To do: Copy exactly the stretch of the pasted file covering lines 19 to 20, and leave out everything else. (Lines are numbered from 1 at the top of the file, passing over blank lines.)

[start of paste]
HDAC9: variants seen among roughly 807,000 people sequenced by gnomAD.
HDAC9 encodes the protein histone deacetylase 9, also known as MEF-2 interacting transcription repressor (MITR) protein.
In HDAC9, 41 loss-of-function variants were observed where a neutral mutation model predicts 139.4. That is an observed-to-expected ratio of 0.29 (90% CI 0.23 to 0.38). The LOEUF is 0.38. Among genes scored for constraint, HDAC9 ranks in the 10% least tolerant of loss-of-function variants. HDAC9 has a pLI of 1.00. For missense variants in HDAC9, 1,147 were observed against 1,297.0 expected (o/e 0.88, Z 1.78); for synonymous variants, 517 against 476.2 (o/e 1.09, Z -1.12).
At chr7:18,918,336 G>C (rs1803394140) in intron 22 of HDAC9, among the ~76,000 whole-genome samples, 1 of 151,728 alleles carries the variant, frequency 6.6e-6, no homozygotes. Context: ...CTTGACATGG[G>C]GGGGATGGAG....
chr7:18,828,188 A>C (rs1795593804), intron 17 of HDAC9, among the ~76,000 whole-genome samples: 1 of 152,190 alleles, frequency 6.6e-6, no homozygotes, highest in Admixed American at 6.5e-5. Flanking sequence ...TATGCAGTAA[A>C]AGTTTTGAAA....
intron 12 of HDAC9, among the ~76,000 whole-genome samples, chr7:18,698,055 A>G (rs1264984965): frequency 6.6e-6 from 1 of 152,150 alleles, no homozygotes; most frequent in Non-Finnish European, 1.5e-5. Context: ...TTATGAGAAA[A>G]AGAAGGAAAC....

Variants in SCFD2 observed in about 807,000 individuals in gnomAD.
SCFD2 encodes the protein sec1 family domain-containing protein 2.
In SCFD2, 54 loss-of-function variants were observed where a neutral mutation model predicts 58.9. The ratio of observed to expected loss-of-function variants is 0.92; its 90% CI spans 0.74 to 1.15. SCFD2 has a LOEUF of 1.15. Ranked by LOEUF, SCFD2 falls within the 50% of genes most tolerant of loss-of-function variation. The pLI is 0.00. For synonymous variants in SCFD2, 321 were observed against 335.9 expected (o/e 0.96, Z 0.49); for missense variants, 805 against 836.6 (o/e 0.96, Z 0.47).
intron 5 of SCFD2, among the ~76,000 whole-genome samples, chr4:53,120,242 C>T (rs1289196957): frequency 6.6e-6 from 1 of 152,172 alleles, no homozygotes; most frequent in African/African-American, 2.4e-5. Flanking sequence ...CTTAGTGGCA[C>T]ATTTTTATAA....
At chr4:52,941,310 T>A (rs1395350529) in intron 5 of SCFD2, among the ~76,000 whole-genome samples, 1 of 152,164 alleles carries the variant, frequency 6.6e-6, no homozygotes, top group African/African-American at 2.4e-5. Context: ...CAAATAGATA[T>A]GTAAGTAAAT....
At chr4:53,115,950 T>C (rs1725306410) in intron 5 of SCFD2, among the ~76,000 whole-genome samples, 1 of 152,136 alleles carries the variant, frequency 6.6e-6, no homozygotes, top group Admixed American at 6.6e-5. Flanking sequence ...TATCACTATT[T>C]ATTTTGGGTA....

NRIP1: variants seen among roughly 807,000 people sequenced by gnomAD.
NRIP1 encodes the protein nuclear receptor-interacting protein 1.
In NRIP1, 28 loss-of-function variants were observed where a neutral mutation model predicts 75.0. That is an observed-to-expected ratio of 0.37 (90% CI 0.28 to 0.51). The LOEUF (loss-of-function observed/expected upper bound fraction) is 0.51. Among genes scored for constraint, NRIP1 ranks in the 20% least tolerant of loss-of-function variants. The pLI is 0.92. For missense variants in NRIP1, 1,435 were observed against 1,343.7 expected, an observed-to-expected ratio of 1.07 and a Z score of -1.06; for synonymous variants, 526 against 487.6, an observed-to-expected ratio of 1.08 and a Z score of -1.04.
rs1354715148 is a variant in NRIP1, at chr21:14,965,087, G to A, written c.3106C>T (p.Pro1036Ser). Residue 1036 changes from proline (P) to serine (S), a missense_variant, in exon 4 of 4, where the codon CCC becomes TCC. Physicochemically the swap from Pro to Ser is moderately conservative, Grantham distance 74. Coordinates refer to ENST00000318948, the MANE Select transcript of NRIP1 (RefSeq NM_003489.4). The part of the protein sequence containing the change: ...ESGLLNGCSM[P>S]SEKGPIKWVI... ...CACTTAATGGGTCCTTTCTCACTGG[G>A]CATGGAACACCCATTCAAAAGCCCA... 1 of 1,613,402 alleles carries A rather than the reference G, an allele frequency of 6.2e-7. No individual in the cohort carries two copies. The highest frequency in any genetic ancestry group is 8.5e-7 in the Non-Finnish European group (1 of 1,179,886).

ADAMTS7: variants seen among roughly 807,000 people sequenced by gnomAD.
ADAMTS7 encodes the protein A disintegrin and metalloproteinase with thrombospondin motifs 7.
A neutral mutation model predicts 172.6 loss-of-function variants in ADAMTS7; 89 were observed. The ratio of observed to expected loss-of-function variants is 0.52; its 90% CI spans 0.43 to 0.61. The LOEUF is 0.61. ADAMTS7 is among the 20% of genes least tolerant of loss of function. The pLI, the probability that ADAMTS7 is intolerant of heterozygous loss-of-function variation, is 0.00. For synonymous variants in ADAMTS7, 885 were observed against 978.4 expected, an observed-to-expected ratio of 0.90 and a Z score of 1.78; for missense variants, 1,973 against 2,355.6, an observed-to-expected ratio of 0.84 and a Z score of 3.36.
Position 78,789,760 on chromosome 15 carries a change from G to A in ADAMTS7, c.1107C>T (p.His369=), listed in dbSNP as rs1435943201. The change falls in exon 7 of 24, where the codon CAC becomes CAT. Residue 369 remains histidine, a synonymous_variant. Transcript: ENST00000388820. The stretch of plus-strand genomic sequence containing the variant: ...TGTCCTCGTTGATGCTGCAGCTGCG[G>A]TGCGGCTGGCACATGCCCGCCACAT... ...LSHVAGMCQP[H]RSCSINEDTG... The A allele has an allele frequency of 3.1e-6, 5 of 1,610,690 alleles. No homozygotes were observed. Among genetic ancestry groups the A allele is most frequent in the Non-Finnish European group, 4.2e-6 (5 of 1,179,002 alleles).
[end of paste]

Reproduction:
A neutral mutation model predicts 172.6 loss-of-function variants in ADAMTS7; 89 were observed. The ratio of observed to expected loss-of-function variants is 0.52; its 90% CI spans 0.43 to 0.61. The LOEUF is 0.61. ADAMTS7 is among the 20% of genes least tolerant of loss of function. The pLI, the probability that ADAMTS7 is intolerant of heterozygous loss-of-function variation, is 0.00. For synonymous variants in ADAMTS7, 885 were observed against 978.4 expected, an observed-to-expected ratio of 0.90 and a Z score of 1.78; for missense variants, 1,973 against 2,355.6, an observed-to-expected ratio of 0.84 and a Z score of 3.36.
Position 78,789,760 on chromosome 15 carries a change from G to A in ADAMTS7, c.1107C>T (p.His369=), listed in dbSNP as rs1435943201. The change falls in exon 7 of 24, where the codon CAC becomes CAT. Residue 369 remains histidine, a synonymous_variant. Transcript: ENST00000388820. The stretch of plus-strand genomic sequence containing the variant: ...TGTCCTCGTTGATGCTGCAGCTGCG[G>A]TGCGGCTGGCACATGCCCGCCACAT... ...LSHVAGMCQP[H]RSCSINEDTG... The A allele has an allele frequency of 3.1e-6, 5 of 1,610,690 alleles. No homozygotes were observed. Among genetic ancestry groups the A allele is most frequent in the Non-Finnish European group, 4.2e-6 (5 of 1,179,002 alleles).